If you want to kick Islam out of America, you're the one who's un-American.
What the hell is with this intolerance toward Islam? Honestly, I don't get it. I was watching a preview for the upcoming CNN program Unwelcome: The Muslims Next Door, a documentary about the fight in Murfreesboro, Tennessee, to build a mosque, and I found myself dumbfounded. I’m a child of the internet, so few things shock me anymore. But people outright burning mosque construction sites really throws me for a loop. As do malicious maniacs calling American Muslims “pedophiles” in front of their young children.
As it turns out, according to a new CNN poll, most Americans are totally fine with a mosque in their city, and that’s great news. But more than quarter—28 percent—aren’t fine with it. In the CNN video, a lawyer in a Murfreesboro courtroom even asks a man testifying if Islam is a religion at all, because of how they “blow themselves up.” In fact, Islam is the second-largest religion in the world. There are more than 1.5 billion Muslims in the world. Needless to say, only a vanishingly small minority of them—often manipulated by terrorist organizations for political ends—blow themselves up. For an accredited lawyer entrusted with protecting our basic rights to suggest that suicide bombing is pervasive among Muslims is outrageous.
Besides all that, if people hate Muslims because they're not attuned enough to American culture, what sense does it make not allowing them into American neighborhoods? If anything, people worried about the isolation of Islam should welcome Muslims into their communities with open arms, letting their children grow up playing with Christian and Jewish and agnostic children instead of, you know, isolating them.
To invoke the dialect of the Tea Party crowd: What happened to respect for simple freedoms? What happened to freedom of religion and freedom of speech? How can you hold high the Constitution with one hand while wagging your finger at people who believe in a different god with the other?
In my estimation, we celebrate these freedoms so heartily because, in other places, other governments have often restricted them. And they’ve made an effort to restrict them because, in many ways, it's easier to govern a population without them. As George W. Bush himself said in a 1998 interview, "a dictatorship would be a lot easier." If America were a Christian dictatorship in which we imprisoned or shot anyone with whom we disagreed, elections would be easy: “Vote for the Christian supreme leader or we’ll kill you.” OK!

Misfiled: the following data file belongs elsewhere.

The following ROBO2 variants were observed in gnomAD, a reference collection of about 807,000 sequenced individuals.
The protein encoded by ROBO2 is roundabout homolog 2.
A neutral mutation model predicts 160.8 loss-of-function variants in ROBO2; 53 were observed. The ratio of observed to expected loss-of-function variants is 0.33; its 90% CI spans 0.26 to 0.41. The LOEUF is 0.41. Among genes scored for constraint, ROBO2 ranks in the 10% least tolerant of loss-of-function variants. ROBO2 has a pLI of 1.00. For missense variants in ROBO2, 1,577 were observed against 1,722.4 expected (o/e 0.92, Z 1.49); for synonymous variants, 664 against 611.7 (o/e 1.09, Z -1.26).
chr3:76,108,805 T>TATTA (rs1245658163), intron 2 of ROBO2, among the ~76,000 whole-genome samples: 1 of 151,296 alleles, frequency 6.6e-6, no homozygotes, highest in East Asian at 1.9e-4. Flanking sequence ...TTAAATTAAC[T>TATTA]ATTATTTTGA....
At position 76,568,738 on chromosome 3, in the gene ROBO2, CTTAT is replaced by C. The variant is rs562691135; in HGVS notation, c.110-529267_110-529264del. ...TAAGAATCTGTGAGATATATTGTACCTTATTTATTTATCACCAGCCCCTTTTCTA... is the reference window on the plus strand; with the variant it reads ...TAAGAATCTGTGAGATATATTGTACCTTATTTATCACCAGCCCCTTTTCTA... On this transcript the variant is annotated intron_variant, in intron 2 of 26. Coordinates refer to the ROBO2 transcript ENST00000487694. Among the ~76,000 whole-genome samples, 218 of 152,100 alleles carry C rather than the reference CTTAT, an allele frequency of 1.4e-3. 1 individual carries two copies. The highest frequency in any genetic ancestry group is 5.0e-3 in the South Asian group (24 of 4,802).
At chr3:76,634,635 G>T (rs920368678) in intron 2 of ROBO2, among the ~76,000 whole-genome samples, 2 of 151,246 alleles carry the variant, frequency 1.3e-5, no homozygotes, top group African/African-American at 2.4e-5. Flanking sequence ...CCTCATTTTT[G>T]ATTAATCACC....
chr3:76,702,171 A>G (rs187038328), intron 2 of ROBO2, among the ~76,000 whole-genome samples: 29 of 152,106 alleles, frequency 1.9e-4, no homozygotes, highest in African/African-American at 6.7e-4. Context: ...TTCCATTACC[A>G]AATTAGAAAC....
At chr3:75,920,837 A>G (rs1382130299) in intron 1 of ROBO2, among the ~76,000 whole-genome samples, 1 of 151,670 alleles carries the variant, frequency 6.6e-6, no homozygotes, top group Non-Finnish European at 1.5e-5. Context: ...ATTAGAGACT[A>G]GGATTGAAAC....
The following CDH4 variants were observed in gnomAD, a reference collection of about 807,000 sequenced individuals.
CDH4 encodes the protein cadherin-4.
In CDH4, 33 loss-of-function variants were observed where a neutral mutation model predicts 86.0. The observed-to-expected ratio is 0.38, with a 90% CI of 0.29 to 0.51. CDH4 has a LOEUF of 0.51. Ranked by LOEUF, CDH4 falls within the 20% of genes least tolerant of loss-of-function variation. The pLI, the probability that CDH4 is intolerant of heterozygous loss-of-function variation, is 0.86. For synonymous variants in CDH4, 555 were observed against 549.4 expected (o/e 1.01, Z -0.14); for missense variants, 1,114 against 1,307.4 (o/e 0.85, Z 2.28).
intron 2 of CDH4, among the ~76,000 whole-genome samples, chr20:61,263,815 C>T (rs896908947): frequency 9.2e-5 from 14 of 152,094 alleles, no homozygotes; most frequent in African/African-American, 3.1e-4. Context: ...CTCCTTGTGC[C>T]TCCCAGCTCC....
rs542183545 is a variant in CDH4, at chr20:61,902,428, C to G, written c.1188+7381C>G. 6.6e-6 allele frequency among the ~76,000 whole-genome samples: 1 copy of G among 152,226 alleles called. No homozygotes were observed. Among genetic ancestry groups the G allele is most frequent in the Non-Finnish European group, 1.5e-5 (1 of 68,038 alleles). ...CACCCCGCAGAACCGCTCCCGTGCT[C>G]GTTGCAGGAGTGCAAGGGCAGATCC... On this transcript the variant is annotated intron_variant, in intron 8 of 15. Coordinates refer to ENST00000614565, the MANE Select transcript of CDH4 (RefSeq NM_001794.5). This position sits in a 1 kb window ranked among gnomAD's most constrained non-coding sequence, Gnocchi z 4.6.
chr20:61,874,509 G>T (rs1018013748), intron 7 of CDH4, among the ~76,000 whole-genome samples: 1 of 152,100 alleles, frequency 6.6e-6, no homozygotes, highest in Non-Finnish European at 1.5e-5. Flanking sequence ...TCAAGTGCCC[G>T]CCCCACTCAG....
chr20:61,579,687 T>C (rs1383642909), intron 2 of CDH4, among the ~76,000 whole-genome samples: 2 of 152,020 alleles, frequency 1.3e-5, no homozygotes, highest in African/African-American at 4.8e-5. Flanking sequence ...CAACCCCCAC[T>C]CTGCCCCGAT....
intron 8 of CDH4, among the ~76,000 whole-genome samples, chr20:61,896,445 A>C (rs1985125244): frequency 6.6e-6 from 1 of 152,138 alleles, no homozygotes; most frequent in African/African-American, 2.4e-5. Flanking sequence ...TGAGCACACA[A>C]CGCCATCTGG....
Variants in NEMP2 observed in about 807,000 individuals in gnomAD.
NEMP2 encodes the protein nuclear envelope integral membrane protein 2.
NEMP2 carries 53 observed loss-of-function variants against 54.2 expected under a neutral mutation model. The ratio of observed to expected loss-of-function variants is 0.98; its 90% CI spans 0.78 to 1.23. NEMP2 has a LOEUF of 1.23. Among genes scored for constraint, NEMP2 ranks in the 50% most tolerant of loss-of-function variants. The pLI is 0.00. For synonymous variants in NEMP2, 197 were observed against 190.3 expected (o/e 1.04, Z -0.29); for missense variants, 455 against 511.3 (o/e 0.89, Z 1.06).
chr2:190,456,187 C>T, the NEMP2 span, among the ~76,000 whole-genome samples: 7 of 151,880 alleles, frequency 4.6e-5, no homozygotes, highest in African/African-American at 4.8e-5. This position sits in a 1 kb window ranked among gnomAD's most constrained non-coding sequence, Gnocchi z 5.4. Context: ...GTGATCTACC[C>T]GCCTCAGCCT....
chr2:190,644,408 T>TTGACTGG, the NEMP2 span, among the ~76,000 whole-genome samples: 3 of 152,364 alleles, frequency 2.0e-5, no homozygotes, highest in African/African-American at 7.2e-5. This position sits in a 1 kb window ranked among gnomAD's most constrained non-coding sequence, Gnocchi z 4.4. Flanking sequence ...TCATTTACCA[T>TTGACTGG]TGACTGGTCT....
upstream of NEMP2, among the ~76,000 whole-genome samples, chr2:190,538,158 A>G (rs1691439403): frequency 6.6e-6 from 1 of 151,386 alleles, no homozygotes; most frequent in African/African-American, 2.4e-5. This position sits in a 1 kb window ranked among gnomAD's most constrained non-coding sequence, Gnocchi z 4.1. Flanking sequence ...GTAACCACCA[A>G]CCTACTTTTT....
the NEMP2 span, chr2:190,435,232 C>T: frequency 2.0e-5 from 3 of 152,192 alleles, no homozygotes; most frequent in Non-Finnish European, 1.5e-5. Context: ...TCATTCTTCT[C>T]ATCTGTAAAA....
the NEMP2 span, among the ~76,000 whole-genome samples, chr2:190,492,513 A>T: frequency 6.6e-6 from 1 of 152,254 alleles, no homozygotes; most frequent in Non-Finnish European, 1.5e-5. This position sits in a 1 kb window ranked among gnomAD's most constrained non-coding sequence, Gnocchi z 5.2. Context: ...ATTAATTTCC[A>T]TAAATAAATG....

But America is not a dictatorship, and our freedoms make things messy sometimes. Rush Limbaugh’s rants piss me off, but he has every right to say moronic garbage to whomever he feels. The fact that Jared Loughner was allowed to own a gun pisses me off, but, again, that was his right. In the same vein, it pisses me off that there are Muslims currently in the United States who hate us, and want to kill us. But saying that the response to that threat is to get rid of Islam is just as un-American as saying the response to Jared Loughner is a blanket ban on gun ownership, or the solution to radio hosts with whom we disagree is to censor them.
If America is to remain a truly honorable beacon of freedom, she needs to do so in spite of the challenges those freedoms entail. Sadly, by allowing every citizen to think how he’d like, America will every once in a while grow a Ted Kaczynski, a Timothy McVeigh, or a Faisal Shahzad. That is the cost of freedom of thought, and, in a word, that sucks. But the melancholy, sometimes frightening truth they don't tell you in grade-school history books is this: If you really love and believe in the experiment that is the United States of America, you need to be prepared to die not necessarily defending her freedoms, but because of her freedoms. And I’d rather die in a fire in my own home at the hands of a terrorist than try and banish from my city all Americans who worship differently from me.
Welcome to the U.S.A., people, it’s really hard work.
Unwelcome: The Muslims Next Door premieres Sunday, March 27, at 8 p.m. EST.